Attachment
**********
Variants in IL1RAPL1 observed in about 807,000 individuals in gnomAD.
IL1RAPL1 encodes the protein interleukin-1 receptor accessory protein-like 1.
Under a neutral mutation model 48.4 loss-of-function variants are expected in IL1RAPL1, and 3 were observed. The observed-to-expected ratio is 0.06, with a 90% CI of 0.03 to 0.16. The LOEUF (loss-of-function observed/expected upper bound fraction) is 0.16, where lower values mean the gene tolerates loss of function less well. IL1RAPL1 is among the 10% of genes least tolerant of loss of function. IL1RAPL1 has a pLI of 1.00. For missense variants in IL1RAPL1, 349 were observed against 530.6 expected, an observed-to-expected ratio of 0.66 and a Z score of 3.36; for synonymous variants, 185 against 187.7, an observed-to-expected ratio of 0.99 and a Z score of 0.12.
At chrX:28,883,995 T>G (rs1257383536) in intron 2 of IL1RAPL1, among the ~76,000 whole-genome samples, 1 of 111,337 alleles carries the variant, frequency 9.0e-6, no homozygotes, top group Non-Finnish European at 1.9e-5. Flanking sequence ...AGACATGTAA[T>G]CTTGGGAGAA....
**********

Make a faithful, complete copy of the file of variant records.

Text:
Variants in IL1RAPL1 observed in about 807,000 individuals in gnomAD.
IL1RAPL1 encodes the protein interleukin-1 receptor accessory protein-like 1.
Under a neutral mutation model 48.4 loss-of-function variants are expected in IL1RAPL1, and 3 were observed. The observed-to-expected ratio is 0.06, with a 90% CI of 0.03 to 0.16. The LOEUF (loss-of-function observed/expected upper bound fraction) is 0.16, where lower values mean the gene tolerates loss of function less well. IL1RAPL1 is among the 10% of genes least tolerant of loss of function. IL1RAPL1 has a pLI of 1.00. For missense variants in IL1RAPL1, 349 were observed against 530.6 expected, an observed-to-expected ratio of 0.66 and a Z score of 3.36; for synonymous variants, 185 against 187.7, an observed-to-expected ratio of 0.99 and a Z score of 0.12.
At chrX:28,883,995 T>G (rs1257383536) in intron 2 of IL1RAPL1, among the ~76,000 whole-genome samples, 1 of 111,337 alleles carries the variant, frequency 9.0e-6, no homozygotes, top group Non-Finnish European at 1.9e-5. Flanking sequence ...AGACATGTAA[T>G]CTTGGGAGAA....